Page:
The Secret Lives of Dresses by Erin McKean

Dora, one class short of an early graduation from college, rushes home when her grandmother, who raised her, is hospitalized with a stroke. She moves back into the house where she grew up, now only inhabited by Gabby, her grandmother’s friend, and takes over running the vintage dress shop while her grandmother is in hospital. She spends much of her free time at her grandmother’s bedside, holding Mimi’s hand and wishing she had said all the loving things and asked all the questions about her parents for which she’s now run out of time. When her grandmother dies, Dora tries returning to Lymond College and a likely acceptance into graduate school, but realizes that continuing in the safety of what she’d loved in college was only a stopgap to making the decision about how to spend the rest of her life.

The plot is predictable–I’d guessed that Dora would choose Forsythe, Con and the dress shop over continuing in graduate school and her boss at the coffee shop about ten minutes after her arrival in town–but I did catch myself dabbing a tear or two away from my eye at the hospital room scenes. In short, this is a classic example of chicklit book discussion material; it even comes with a list of potential book discussion questions in the back–nice for the leader of the group that decides to do this, but which always struck me as a bit presumptuous. How are the publishers to know which books will be picked?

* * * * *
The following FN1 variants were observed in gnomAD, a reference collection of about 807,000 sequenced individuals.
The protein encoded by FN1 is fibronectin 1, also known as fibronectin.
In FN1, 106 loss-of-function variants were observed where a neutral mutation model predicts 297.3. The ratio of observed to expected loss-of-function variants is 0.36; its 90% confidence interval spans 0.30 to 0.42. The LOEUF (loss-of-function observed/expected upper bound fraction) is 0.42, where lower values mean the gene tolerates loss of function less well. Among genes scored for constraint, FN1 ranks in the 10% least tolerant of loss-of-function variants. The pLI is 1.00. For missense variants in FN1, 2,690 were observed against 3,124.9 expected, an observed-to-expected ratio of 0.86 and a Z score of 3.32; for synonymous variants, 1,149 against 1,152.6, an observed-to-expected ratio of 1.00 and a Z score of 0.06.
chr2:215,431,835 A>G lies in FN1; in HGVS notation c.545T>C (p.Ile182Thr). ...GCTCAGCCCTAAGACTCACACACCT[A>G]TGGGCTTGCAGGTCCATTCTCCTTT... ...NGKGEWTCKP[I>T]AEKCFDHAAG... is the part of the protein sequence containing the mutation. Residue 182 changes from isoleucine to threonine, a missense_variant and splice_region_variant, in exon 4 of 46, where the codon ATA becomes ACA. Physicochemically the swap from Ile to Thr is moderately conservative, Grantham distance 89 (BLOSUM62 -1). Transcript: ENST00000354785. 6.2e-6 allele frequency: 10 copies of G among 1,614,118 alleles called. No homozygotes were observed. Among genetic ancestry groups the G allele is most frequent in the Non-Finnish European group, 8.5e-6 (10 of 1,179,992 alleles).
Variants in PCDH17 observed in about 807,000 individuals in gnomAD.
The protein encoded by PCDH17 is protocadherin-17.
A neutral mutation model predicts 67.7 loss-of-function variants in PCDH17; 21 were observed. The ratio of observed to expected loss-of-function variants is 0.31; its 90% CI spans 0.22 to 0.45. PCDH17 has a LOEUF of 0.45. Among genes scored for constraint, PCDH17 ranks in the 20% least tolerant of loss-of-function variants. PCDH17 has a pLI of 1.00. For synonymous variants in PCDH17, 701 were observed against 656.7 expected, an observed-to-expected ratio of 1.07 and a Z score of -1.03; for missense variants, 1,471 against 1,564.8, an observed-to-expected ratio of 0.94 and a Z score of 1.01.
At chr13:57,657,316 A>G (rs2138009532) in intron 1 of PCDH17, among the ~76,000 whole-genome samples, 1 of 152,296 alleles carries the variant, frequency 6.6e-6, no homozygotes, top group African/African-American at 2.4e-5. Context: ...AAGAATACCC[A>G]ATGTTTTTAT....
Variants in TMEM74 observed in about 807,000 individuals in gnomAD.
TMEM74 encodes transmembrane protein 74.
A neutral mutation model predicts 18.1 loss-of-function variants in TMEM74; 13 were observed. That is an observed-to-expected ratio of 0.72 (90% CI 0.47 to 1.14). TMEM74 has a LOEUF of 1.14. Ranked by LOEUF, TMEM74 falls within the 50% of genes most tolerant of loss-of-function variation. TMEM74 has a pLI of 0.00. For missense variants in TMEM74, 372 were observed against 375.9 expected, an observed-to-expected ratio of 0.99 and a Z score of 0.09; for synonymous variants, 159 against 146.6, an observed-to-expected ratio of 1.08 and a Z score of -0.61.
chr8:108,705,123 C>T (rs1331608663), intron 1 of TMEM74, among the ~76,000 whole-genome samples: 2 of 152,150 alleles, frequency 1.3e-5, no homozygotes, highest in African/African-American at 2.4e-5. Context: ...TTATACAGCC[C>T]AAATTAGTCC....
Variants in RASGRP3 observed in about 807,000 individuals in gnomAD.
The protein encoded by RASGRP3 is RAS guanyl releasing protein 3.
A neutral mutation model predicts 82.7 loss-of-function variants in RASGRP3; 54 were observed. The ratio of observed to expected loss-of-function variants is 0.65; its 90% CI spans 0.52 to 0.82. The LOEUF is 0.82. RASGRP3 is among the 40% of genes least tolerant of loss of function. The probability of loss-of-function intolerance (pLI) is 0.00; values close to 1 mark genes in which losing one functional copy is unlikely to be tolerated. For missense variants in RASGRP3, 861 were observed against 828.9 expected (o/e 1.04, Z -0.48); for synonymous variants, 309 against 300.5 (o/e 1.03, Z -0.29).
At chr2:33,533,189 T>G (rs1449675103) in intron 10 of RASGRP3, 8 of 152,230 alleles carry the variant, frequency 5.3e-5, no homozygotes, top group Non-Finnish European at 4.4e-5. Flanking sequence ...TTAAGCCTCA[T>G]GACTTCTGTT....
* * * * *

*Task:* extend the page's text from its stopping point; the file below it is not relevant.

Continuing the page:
I do love the descriptions of the dresses in Mimi’s shop, and Dora’s selection process of same; she’d resisted her grandmother’s blandishments as a teenager but is forced to dress from the shop as she rushed home in such a hurry that she forgot to pack. No thrift store or even merely “second hand”, Mimi has a collection of vintage dresses in her shop, some serious, some flirty, some girlish, some matronly. These dresses are also the source of the book’s title: Mimi has made up a story for many of the garments, as if the dresses themselves could speak and tell of the events surrounding the circumstances under which they were worn. Twee, I know, and it’s a plot device that others found offputting, but I do also wonder what the garments could say about their owners.

Overall, it’s a nice quick comfort read; nothing wrong with a good tearjerker bit of chicklit for beach reading now and again! It has no real deeper social meaning or historical context, just a romance, a death in the family/marriage among friends and a girl in search of herself. I’d suggest it to anyone wanting a light read that was a step above your average fluff bestseller.


Leave a Reply

Fill in your details below or click an icon to log in: Logo

You are commenting using your account. Log Out /  Change )

Google+ photo

You are commenting using your Google+ account. Log Out /  Change )

Twitter picture

You are commenting using your Twitter account. Log Out /  Change )

Facebook photo

You are commenting using your Facebook account. Log Out /  Change )


Connecting to %s